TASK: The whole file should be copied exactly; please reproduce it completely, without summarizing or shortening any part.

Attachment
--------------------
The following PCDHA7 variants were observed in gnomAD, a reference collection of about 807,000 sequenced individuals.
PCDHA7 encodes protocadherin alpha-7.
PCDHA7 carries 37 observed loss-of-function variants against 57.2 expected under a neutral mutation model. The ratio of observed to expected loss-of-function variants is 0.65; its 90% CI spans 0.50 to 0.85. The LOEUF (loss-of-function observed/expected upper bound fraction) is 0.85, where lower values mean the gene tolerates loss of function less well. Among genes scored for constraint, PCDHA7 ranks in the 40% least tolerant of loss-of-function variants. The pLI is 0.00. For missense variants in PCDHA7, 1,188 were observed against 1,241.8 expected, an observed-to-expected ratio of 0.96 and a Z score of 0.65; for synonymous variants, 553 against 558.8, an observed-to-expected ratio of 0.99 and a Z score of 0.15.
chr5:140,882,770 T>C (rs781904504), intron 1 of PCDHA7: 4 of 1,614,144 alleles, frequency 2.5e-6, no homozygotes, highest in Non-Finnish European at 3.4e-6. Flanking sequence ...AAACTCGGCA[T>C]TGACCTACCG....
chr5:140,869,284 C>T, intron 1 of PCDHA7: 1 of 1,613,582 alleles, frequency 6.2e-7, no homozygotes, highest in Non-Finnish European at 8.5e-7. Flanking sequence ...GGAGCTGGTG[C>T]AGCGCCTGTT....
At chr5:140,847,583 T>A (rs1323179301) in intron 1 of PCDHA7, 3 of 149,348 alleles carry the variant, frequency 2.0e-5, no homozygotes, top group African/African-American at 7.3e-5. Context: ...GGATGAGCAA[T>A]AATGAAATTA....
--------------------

The following PCDHA7 variants were observed in gnomAD, a reference collection of about 807,000 sequenced individuals.
PCDHA7 encodes protocadherin alpha-7.
PCDHA7 carries 37 observed loss-of-function variants against 57.2 expected under a neutral mutation model. The ratio of observed to expected loss-of-function variants is 0.65; its 90% CI spans 0.50 to 0.85. The LOEUF (loss-of-function observed/expected upper bound fraction) is 0.85, where lower values mean the gene tolerates loss of function less well. Among genes scored for constraint, PCDHA7 ranks in the 40% least tolerant of loss-of-function variants. The pLI is 0.00. For missense variants in PCDHA7, 1,188 were observed against 1,241.8 expected, an observed-to-expected ratio of 0.96 and a Z score of 0.65; for synonymous variants, 553 against 558.8, an observed-to-expected ratio of 0.99 and a Z score of 0.15.
chr5:140,882,770 T>C (rs781904504), intron 1 of PCDHA7: 4 of 1,614,144 alleles, frequency 2.5e-6, no homozygotes, highest in Non-Finnish European at 3.4e-6. Flanking sequence ...AAACTCGGCA[T>C]TGACCTACCG....
chr5:140,869,284 C>T, intron 1 of PCDHA7: 1 of 1,613,582 alleles, frequency 6.2e-7, no homozygotes, highest in Non-Finnish European at 8.5e-7. Flanking sequence ...GGAGCTGGTG[C>T]AGCGCCTGTT....
At chr5:140,847,583 T>A (rs1323179301) in intron 1 of PCDHA7, 3 of 149,348 alleles carry the variant, frequency 2.0e-5, no homozygotes, top group African/African-American at 7.3e-5. Context: ...GGATGAGCAA[T>A]AATGAAATTA....